Lots of stakeholders are pushing companies to take action on climate change, and many companies report they are doing just that. But interpreting the significance of those claims gets tricky, not only at the company level but at the level of making real progress on climate change. It’s natural that stakeholders look for good news when it comes to corporate action on climate change, but we need to be careful not to invent good news. We also need to look carefully at what the data suggest about the larger question of whether companies think of climate change as a corporate social responsibility issue or as a legitimate business risk.
Ecosystem Marketplace’s March 2015 report, Taking Stock of Offsets in Corporate Carbon Strategies, provides a useful case study for both questions. The report pulls together data from the Carbon Disclosure Project (CDP) on what companies are doing when it comes to carbon offsets, and how carbon offsets relate to the larger subject of corporate carbon strategies.
With respect to the issue of data interpretation, the report presents an “offsets snapshot” pulled from almost 2,000 CDP filings from 2013. The “snapshot” aggregates information on who’s buying offsets and what kind of offsets they’re buying, noting that CDP-reporting companies purchased 50.3 million offsets in 2013. The report calculates this to being the equivalent of avoiding burning 117 million barrels of oil, or shutting down 13 coal-fired power plants for one year.
The much more significant conclusion suggested by the report, however, is that there is a causal connection between offset purchases and the likelihood that a company will engage in more comprehensive carbon management strategies. The reader is left with the clear impression that getting companies to purchase offsets is one way to encourage adoption of more comprehensive carbon management strategies.
A closer look at the data used in the report throws this conclusion into question. First, the report mixes apples and oranges, since the authors treat compliance and voluntary offsets together. This muddies the suggested conclusion. In reality, these two categories of offsets result from different market structures and tend to have very different roles in corporate carbon strategies.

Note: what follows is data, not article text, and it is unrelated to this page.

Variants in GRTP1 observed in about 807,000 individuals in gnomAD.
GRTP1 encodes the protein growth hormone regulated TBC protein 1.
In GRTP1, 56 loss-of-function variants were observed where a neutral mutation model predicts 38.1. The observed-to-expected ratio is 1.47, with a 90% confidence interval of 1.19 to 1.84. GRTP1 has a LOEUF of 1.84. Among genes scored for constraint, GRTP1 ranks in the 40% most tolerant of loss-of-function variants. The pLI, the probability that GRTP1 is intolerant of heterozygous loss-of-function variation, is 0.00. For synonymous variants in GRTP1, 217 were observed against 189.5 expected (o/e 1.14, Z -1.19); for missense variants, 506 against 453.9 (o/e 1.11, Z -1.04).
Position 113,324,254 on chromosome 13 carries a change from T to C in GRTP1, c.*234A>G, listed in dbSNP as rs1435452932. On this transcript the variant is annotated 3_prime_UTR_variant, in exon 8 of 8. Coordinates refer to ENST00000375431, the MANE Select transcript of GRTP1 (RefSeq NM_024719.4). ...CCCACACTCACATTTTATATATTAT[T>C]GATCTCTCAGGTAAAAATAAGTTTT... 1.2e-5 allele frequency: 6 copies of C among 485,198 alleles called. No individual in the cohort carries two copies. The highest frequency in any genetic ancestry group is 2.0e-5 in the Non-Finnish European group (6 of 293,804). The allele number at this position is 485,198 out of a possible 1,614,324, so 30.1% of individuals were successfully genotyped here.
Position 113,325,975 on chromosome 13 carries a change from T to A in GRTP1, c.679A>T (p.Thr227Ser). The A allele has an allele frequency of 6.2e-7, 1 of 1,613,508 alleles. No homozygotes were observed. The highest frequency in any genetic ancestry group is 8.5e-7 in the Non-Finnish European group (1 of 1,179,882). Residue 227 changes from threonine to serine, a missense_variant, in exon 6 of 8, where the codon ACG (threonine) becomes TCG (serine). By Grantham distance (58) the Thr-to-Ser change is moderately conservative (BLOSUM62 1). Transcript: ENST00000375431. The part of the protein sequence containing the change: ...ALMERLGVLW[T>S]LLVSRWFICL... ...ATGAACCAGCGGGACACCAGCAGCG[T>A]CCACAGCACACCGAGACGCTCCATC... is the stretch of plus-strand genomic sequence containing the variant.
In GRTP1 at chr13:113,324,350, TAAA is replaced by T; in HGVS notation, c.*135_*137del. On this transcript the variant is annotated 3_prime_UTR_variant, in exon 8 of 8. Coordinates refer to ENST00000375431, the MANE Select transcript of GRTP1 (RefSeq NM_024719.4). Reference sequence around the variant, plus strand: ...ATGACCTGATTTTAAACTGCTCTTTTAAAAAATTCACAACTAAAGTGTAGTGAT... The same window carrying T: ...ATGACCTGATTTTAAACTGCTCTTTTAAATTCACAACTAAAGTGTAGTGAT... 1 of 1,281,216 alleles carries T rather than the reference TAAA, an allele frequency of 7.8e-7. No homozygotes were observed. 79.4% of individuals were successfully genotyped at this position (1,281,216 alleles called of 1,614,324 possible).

Moreover, the report relies on a simple correlation between companies that purchase offsets and companies that have more advanced carbon strategies to suggest a causal connection between offsets and strategies. Yet it does not provide evidence that companies’ involvement with offsets actually leads them to develop more comprehensive carbon strategies. In fact, we would argue that the relationship probably goes the other way: that companies with more comprehensive carbon strategies (often due to compliance mandates) are also those that are buying offsets. Almost by definition, companies facing compliance mandates will have more comprehensive carbon strategies than other companies and be more likely to need offsets.
But let’s go beyond this initial issue. Taking Stock of Offsets provides interesting insights into how companies are thinking about climate change, and in particular whether they are thinking about it as a material business risk. The report draws from 1,882 CDP filings in 2013 and assesses the characteristics of companies’ corporate carbon strategies (the differentiation between the 265 offset purchasers and 1,617 non-purchasers isn’t important for this discussion). The first graphic, shown here as Figure 8 (using the report’s numbering system) looks at how many companies are engaged in a range of emissions reduction efforts, concluding that:
- 690 of the total number of 1,882 companies (37%) report energy efficiency efforts, presumably including (and probably dominated by?) “low-hanging fruit” opportunities.
- 276 (15%) report low-carbon energy installations, again presumably including low-hanging fruit options such as LEDs.
- 214 (11%) report emissions reductions involving transportation use and fleets.
- 223 (12%) report emissions reductions through reduced process emissions.